It’s my last time going to Moganshan before I leave China and I feel like I am putting a cork on the experience of being here for 8 years. Except I’m not corking a fine wine– I’m corking gutter oil, cheap Chinese baijiu, a chicken foot, and maybe some hot water thrown in for good measure (多喝热水!).
There’s something about endings that makes the little things feel more important, isn’t there?
Moganshan, a mountain retreat in Zhejiang about three hours outside of the city, is like the Hamptons of Shanghai. It’s the sort of fancy getaway (except instead of the beach it’s mountains. trust me, you do NOT want to go to a beach in China for reasons that would fill a War and Peace-sized novel) where the rich stay at the Naked Castle (sadly not clothing-optional) and the rest of us stay in quaint mountain resorts and hike through bamboo forests.
I’ve had some of my favorite weekends in China in Moganshan. I love the 15km hikes through the mountain, as long as you can avoid the crowds (Chinese hikers love playing club music on loud speakers, wear inappropriate hiking shoes, and travel in throngs with loudspeaker-bearing leaders). I saw snow there in 2021, which was mystical, enthralling, otherworldly. I have rarely been happier than hiking through the piercing cold in the misty mountain-side.
I needed a magical mountain hike after the Spring we just had. Truthfully, I still feel like a part of me is broken after the lockdown. A mountain getaway is supposed to be good for healing post-lockdown PTSD, isn’t it? But it’s too damn hot. We’re boiling in Shanghai, The ‘feels like’ index for the last two weeks has been at 125ºF (51ºC for my European friends). Even in Moganshan, where the mountain air is supposed to be cooling and regenerating, going outside is like being slow-roasted until I am tender meat. Swimming in the hotel pool was like stepping into a lukewarm bath. The hotel guide who took us out the last few times told us it was too hot to hike. He was right. My dog could only walk for 1.6 miles before she threw the towel and practically dragged me back into the AC.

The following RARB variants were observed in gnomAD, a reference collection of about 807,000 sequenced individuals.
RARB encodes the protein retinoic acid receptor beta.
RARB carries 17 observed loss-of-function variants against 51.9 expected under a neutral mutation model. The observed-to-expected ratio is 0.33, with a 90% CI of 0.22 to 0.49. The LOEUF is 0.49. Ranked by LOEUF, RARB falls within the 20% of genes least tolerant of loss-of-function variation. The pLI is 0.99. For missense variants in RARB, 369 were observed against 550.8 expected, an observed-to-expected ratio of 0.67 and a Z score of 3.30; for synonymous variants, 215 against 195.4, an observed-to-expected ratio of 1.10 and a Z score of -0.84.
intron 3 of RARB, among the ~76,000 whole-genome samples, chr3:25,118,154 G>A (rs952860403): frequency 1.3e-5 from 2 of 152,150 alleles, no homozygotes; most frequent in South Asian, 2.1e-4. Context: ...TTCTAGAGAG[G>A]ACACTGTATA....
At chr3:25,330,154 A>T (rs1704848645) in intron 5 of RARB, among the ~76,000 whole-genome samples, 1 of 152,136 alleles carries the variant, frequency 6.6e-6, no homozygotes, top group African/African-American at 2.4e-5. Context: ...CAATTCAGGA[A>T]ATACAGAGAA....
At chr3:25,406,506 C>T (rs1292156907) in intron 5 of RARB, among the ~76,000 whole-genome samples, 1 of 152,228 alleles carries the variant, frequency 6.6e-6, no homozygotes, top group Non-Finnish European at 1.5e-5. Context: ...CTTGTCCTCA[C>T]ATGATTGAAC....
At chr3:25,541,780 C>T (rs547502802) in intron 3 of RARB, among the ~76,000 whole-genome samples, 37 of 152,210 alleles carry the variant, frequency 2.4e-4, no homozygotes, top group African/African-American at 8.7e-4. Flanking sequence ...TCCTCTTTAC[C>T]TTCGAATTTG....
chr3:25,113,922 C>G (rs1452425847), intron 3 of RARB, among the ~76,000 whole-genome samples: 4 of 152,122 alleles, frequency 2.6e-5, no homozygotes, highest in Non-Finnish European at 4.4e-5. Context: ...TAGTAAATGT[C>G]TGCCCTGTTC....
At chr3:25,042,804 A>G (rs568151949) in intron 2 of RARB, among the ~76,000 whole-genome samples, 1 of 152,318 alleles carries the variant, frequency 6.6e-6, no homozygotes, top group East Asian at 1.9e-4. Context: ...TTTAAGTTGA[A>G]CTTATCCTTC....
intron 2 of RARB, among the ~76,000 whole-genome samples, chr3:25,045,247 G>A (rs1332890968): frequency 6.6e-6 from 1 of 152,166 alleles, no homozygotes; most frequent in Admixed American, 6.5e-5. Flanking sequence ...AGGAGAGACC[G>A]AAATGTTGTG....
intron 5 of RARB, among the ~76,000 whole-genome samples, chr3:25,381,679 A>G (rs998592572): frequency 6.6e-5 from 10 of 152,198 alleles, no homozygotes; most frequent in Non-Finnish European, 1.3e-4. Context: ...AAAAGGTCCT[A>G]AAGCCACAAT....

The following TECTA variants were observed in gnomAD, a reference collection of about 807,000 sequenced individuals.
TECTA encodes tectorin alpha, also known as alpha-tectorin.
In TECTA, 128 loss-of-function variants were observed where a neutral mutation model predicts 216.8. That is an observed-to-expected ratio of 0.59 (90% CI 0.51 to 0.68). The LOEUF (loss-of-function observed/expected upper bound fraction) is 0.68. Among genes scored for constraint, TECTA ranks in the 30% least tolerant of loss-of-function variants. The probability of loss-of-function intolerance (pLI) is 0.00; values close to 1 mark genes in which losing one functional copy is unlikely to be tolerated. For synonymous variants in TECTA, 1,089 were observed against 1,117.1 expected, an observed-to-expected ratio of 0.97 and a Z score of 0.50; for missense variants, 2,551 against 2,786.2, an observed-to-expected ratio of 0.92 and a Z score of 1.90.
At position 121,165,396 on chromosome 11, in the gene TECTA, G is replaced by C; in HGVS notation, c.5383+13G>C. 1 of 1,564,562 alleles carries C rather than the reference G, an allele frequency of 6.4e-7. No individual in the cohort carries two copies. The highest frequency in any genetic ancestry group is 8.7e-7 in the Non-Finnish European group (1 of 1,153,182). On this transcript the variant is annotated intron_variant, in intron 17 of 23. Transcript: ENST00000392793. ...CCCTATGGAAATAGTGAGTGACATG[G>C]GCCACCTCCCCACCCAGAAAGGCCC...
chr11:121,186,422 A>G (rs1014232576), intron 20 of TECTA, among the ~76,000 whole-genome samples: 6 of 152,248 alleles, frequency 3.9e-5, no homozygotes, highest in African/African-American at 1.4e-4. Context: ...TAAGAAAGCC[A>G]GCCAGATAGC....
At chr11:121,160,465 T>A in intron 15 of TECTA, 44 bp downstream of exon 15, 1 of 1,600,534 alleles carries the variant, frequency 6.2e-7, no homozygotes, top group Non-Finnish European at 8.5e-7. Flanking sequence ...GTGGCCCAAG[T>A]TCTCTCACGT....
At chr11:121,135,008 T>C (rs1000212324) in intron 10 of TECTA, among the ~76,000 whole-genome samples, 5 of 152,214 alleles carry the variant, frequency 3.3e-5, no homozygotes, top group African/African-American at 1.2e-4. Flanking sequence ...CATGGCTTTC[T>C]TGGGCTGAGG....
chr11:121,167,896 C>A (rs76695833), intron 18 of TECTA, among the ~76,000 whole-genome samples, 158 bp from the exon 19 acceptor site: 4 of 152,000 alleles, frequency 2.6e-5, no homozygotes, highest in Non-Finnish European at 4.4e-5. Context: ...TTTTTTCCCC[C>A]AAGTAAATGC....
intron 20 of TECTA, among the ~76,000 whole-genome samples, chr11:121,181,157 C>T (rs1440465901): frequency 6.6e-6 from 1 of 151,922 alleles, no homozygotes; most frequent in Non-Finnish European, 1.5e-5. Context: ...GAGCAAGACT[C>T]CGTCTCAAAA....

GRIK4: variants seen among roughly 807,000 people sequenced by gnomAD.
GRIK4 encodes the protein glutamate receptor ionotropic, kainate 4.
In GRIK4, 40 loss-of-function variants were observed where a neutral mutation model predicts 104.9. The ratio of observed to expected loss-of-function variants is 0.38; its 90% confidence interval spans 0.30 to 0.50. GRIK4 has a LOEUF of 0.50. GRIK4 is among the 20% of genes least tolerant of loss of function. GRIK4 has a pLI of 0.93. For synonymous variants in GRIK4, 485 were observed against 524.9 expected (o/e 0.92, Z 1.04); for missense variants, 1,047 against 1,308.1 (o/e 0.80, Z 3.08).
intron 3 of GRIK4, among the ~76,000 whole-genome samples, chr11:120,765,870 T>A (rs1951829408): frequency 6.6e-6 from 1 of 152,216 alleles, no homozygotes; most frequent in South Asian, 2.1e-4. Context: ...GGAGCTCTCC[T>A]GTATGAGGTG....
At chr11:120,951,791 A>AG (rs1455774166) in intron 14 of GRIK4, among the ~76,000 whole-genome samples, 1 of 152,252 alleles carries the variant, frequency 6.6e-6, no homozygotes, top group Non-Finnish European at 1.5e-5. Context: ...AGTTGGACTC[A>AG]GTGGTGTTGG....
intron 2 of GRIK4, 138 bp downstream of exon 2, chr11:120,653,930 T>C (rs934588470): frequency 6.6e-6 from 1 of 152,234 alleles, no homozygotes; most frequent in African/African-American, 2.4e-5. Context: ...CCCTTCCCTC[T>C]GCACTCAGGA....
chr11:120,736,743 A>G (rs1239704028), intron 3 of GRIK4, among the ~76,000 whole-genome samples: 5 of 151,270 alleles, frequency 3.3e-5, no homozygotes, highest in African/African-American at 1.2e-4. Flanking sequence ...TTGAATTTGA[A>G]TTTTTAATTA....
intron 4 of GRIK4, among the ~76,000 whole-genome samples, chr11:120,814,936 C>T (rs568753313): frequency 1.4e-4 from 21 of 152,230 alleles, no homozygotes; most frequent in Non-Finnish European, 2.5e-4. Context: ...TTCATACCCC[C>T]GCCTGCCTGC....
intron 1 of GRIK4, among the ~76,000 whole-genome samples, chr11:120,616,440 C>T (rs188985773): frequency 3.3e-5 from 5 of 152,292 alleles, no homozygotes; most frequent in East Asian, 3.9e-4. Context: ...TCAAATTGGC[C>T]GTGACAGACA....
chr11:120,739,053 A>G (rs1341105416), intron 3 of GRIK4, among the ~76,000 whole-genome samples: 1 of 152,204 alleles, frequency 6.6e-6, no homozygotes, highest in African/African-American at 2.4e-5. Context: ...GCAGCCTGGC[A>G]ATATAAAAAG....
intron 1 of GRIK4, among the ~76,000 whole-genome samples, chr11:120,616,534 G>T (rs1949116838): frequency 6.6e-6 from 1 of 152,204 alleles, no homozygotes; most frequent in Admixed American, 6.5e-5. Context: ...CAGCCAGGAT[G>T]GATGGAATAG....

This is also likely my last trip into Moganshan, certainly my last one before I leave China in six weeks. I feel like I should have some sort of pithy life lesson to take away from all this. But to be honest, I don’t. I haven’t processed it yet. And I’m also too tired after a music festival in the mountains and going back in a tropical downpour, so I will just leave this post with my favorite picture from Moganshan and keep that as my memory of this place when I am gone. So, goodbye Moganshan. It’s not you, it’s me.